Category Archives: Tanner, Henry Ossawa

An altered look about the hills

Jesus and Nicodemus, 1899, Henry Ossawa Tanner
Background Image: Jesus and Nicodemus, 1899, Henry Ossawa Tanner

The story of Nicodemus is about rebirth and being reborn and Emily describes in detail how beautiful the world is when seen anew and at springtime. Yet there is also an interesting aspect to this conversation at work in this poem that is buried in the subtext and it deals with her use of the word “furtive” as well as “Chanticleer” (as from Chaucer’s The Nun’s Priest Tale).

The first line of the poem can be read quite literally that there is “an altered look about the hills” in that the “hills” look different, but because she is alluding to the conversation between Nicodemus and Jesus, this can also be read that one should look at the “hills” in a new way – in other words, there is an element at work here of one being instructed to something in a new way. Perhaps because it’s her use of “look about” which not only means there is something “about” the “hills” that is “altered”, but also one should “look about” the “altered hills”. Finally, this line also works really well as a title since what she’s giving us is “an altered look about the hills”.

The second line mentions the city of “Tyre” a prosperous city (that God will one day destroy), but here Emily is alluding to how one can profit by being reborn. I suppose you could say she making a subtle economic pun, but her use of the word “light” also creates an image of a golden city shining with golden morning sunlight (the next line deals with a “sunrise” after all) and so light – as in the golden “light” of God – is mixed with the profit of gold. Thus one can become rich by being born again.

Lines three and four not only convey the passage of time, but also move the image from the scale of a city – Tyre – to the more personal of one’s “lawn” in their yard when families gather in the warm evening to gather and play.

Lines five and six deal with the vibrant colors of spring and rebirth, yet she personifies this image with the use of “foot” and “finger”. Perhaps she is alluding to the feminine quality of nature as personified by mother nature, or perhaps she is implying the image of a person walking through a field of “vermilion” and then plucking a “purple” flower with their “finger”. Either way, the image of flowers as “purple” fingers is quite beautiful, but also playful since there is embedded in this image the idea of being beckoned towards this beauty the way Jesus gently beckons Nicodemus towards his teachings.

Lines seven and eight are related in that the “fly” and the “spider” are always related, but the “fly” is described as “flippant” which could be related to her later use of “furtive” in that Nicodemus is asking a question he should know the answer to. In John 3:4, Nicodemus asks Jesus, “How can a man be born when he is old? can he enter the second time into his mother’s womb, and be born?” but he would know that Jesus wasn’t being literal so either he’s asking because he’s wondering if this Jesus fellow is a bit daft, or he making Jesus clarify exactly what a spiritual rebirth is. The “spider” and “fly” association is important here because though there is a somewhat sinister aspect to that relationship, it could also be read as the “spider” keeping the “flippant” “fly” from getting too far away. It could be read as Jesus being the “spider” and Nicodemus being the “flippant fly”.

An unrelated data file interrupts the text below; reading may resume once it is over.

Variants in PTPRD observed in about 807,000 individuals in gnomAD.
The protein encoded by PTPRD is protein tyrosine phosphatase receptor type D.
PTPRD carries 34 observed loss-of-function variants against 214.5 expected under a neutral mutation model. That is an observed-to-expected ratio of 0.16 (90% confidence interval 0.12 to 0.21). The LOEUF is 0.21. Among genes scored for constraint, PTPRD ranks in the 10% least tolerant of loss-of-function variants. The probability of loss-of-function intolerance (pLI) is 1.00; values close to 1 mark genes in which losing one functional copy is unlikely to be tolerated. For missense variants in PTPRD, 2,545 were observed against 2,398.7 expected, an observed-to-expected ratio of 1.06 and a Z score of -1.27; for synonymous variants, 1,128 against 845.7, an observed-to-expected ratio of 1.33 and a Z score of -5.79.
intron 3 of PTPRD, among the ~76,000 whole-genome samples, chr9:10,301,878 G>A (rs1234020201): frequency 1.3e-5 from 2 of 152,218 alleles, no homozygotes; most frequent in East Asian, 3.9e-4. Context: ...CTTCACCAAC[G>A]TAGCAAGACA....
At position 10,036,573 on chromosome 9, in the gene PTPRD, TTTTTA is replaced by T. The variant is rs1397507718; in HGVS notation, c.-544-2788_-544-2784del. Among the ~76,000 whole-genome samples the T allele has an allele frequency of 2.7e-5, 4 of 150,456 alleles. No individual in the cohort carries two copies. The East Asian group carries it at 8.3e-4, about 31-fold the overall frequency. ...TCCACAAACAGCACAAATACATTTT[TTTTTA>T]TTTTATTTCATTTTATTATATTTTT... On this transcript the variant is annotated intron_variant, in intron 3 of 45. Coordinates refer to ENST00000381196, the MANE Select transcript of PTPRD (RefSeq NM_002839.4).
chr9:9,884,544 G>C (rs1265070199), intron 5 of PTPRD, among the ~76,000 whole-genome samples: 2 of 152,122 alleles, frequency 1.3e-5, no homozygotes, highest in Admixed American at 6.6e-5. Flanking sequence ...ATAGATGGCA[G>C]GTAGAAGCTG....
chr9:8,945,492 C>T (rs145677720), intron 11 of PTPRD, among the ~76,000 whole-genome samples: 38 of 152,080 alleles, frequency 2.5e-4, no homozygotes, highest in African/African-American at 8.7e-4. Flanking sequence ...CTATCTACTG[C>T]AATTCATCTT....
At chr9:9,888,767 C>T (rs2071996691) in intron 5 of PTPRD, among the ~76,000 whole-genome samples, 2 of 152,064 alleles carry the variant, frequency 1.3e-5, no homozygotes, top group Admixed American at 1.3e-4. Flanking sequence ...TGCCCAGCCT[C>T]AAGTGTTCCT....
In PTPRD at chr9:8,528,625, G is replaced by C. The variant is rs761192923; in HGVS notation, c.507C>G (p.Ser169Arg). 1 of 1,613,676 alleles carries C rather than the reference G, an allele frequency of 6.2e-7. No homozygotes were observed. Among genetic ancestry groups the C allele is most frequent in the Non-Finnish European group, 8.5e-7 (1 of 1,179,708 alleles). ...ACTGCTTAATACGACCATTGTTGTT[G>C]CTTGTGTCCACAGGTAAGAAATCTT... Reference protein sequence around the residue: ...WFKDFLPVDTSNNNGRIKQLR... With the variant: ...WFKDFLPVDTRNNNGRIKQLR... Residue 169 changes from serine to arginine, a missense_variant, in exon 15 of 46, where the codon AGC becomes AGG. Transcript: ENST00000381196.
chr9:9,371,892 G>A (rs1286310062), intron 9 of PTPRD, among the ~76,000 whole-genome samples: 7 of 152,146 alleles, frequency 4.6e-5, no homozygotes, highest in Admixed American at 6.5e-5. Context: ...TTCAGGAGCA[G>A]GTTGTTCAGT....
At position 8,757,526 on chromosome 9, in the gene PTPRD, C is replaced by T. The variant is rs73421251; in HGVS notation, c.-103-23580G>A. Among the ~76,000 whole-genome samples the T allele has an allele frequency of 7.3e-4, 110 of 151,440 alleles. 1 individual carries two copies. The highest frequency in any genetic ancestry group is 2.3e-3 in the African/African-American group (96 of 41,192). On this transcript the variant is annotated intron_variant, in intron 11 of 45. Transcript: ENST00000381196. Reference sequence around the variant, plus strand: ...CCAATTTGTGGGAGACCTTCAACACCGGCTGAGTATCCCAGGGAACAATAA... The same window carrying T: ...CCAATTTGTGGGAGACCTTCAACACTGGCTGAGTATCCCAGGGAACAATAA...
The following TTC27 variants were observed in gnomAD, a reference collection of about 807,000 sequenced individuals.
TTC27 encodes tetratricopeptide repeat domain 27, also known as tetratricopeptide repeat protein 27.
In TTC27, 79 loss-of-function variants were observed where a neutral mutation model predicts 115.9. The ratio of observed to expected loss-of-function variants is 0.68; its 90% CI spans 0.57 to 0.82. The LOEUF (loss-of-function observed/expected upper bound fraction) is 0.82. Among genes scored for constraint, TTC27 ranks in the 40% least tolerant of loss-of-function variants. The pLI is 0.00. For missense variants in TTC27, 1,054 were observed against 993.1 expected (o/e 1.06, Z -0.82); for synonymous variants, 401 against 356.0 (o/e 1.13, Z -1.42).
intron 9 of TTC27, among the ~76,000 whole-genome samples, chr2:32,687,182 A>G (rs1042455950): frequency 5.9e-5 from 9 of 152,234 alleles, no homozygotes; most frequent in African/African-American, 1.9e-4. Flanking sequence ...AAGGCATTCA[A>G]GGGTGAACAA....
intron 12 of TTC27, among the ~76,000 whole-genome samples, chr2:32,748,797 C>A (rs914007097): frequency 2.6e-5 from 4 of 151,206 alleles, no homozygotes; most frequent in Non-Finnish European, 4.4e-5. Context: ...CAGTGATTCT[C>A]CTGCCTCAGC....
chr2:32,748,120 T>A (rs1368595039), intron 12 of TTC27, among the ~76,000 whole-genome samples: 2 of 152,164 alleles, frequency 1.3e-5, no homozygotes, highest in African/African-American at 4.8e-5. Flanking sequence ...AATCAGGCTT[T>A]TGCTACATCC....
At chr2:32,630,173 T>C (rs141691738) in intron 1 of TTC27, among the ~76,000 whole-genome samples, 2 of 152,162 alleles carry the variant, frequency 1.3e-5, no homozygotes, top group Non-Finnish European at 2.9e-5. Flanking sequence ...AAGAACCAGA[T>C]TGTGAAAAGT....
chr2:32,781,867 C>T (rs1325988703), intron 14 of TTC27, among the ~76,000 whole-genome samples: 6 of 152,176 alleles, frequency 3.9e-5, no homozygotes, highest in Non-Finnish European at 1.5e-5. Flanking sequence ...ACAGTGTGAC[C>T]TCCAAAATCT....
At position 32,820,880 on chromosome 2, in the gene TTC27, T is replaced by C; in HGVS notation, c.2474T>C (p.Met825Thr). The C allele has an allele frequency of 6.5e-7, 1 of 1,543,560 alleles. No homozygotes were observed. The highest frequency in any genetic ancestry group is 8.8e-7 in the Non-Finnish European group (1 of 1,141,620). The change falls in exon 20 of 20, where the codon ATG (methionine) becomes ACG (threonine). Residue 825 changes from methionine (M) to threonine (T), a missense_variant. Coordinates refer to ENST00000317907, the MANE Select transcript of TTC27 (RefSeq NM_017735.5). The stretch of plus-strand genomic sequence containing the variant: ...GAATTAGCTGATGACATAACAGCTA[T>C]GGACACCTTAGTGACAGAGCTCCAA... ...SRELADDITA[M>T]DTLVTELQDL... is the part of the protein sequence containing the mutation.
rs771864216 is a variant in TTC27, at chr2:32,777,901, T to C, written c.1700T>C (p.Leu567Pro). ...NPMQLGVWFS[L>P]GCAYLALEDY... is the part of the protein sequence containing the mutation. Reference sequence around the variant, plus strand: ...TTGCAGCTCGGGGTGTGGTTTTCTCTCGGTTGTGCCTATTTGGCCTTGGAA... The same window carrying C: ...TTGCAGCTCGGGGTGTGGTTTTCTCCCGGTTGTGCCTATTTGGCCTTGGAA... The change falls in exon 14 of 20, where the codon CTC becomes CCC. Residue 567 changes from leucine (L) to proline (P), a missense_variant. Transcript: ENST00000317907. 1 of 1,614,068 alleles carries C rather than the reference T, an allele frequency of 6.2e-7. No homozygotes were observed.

Of most interest to me in this poem, however, is her use of the word “Chanticleer”. In Chaucer’s The Nun’s Priest Tale, she tells the story of Chanticleer who had a dream about a fox but was told by his wife not to worry about it, then later encounters the fox who tries to eat him, but is able to escape by playing on the fox’s pride. Chanticleer is literally in the jaws of death – as the “flippant fly” is when trapped in spider’s web – but is born again when he uses his intelligence to save himself. This is what Jesus is telling Nicodemus to do in order to be saved and enter the kingdom of heaven.

But if we continue with Chaucer’s The Nun’s Priest Tale, he describes the fox in that poem as “A col-fox, ful of sly iniquitee” (inequity). Emily in her poem uses the word “furtive” to describe a “look you know so well”. What is this “look”? Is it death? The first line of the poem speaks about an “altered look”, so is this “furtive look” related to the way we used to look at the world before we were saved? Embedded in the poem are some subtle reminders of death, such as the “spider” weaving its web for the “fly”, the “axe” swings not only for the tree but also for “Chanticleer’s” neck, and Tyre which will one day be razed by God’s wrath, so perhaps she offering a warning about the person who does not alter their way of looking at the world before it is too late?

The poem ends with her describing how salvation can be seen in nature each spring: “its annual reply” to the question of will winter ever end, but she combined the images of nature with that of the spiritual realm and of being reborn to be saved. A lesser poet would have left it just at that, a simple poem about nature’s rebirth, yet here she mixes in passages from the Bible, a possible allusion to Chaucer, and the unusual concept of accepting the kingdom of heaven thought the appreciation of nature which will one day be destroyed by God.